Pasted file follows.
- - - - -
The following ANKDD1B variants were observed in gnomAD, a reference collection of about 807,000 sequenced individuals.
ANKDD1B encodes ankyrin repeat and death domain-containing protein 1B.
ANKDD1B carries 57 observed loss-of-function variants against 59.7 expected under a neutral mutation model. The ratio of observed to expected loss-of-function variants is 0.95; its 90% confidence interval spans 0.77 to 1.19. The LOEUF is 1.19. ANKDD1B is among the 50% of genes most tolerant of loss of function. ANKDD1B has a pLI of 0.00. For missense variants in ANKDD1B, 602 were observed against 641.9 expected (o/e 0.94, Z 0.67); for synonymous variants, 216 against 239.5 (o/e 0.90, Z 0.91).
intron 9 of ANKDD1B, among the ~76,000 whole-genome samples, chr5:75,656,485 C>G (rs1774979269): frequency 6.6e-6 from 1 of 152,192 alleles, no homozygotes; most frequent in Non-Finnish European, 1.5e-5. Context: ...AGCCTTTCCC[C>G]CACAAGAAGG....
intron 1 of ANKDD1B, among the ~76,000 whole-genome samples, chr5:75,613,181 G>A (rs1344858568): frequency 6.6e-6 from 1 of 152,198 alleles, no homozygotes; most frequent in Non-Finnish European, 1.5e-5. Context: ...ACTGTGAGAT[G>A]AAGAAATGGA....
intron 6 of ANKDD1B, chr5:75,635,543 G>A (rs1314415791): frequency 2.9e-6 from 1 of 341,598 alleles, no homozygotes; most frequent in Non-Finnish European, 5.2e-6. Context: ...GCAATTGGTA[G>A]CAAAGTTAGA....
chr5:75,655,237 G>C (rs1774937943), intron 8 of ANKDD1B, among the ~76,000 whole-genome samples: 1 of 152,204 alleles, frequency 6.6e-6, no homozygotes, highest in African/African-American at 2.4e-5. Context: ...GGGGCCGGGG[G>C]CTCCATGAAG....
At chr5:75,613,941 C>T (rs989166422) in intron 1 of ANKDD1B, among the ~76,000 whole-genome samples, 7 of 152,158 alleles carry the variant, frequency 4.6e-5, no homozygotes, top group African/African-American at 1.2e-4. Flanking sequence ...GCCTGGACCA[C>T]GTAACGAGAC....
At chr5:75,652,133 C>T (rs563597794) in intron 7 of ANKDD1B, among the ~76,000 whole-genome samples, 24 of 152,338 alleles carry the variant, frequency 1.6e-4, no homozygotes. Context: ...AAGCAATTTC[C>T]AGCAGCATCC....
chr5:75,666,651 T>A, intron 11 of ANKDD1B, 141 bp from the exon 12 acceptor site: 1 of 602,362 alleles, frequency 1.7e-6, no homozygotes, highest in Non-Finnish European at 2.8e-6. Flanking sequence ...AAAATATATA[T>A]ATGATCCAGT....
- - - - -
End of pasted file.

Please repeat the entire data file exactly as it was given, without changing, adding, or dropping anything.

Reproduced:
The following ANKDD1B variants were observed in gnomAD, a reference collection of about 807,000 sequenced individuals.
ANKDD1B encodes ankyrin repeat and death domain-containing protein 1B.
ANKDD1B carries 57 observed loss-of-function variants against 59.7 expected under a neutral mutation model. The ratio of observed to expected loss-of-function variants is 0.95; its 90% confidence interval spans 0.77 to 1.19. The LOEUF is 1.19. ANKDD1B is among the 50% of genes most tolerant of loss of function. ANKDD1B has a pLI of 0.00. For missense variants in ANKDD1B, 602 were observed against 641.9 expected (o/e 0.94, Z 0.67); for synonymous variants, 216 against 239.5 (o/e 0.90, Z 0.91).
intron 9 of ANKDD1B, among the ~76,000 whole-genome samples, chr5:75,656,485 C>G (rs1774979269): frequency 6.6e-6 from 1 of 152,192 alleles, no homozygotes; most frequent in Non-Finnish European, 1.5e-5. Context: ...AGCCTTTCCC[C>G]CACAAGAAGG....
intron 1 of ANKDD1B, among the ~76,000 whole-genome samples, chr5:75,613,181 G>A (rs1344858568): frequency 6.6e-6 from 1 of 152,198 alleles, no homozygotes; most frequent in Non-Finnish European, 1.5e-5. Context: ...ACTGTGAGAT[G>A]AAGAAATGGA....
intron 6 of ANKDD1B, chr5:75,635,543 G>A (rs1314415791): frequency 2.9e-6 from 1 of 341,598 alleles, no homozygotes; most frequent in Non-Finnish European, 5.2e-6. Context: ...GCAATTGGTA[G>A]CAAAGTTAGA....
chr5:75,655,237 G>C (rs1774937943), intron 8 of ANKDD1B, among the ~76,000 whole-genome samples: 1 of 152,204 alleles, frequency 6.6e-6, no homozygotes, highest in African/African-American at 2.4e-5. Context: ...GGGGCCGGGG[G>C]CTCCATGAAG....
At chr5:75,613,941 C>T (rs989166422) in intron 1 of ANKDD1B, among the ~76,000 whole-genome samples, 7 of 152,158 alleles carry the variant, frequency 4.6e-5, no homozygotes, top group African/African-American at 1.2e-4. Flanking sequence ...GCCTGGACCA[C>T]GTAACGAGAC....
At chr5:75,652,133 C>T (rs563597794) in intron 7 of ANKDD1B, among the ~76,000 whole-genome samples, 24 of 152,338 alleles carry the variant, frequency 1.6e-4, no homozygotes. Context: ...AAGCAATTTC[C>T]AGCAGCATCC....
chr5:75,666,651 T>A, intron 11 of ANKDD1B, 141 bp from the exon 12 acceptor site: 1 of 602,362 alleles, frequency 1.7e-6, no homozygotes, highest in Non-Finnish European at 2.8e-6. Flanking sequence ...AAAATATATA[T>A]ATGATCCAGT....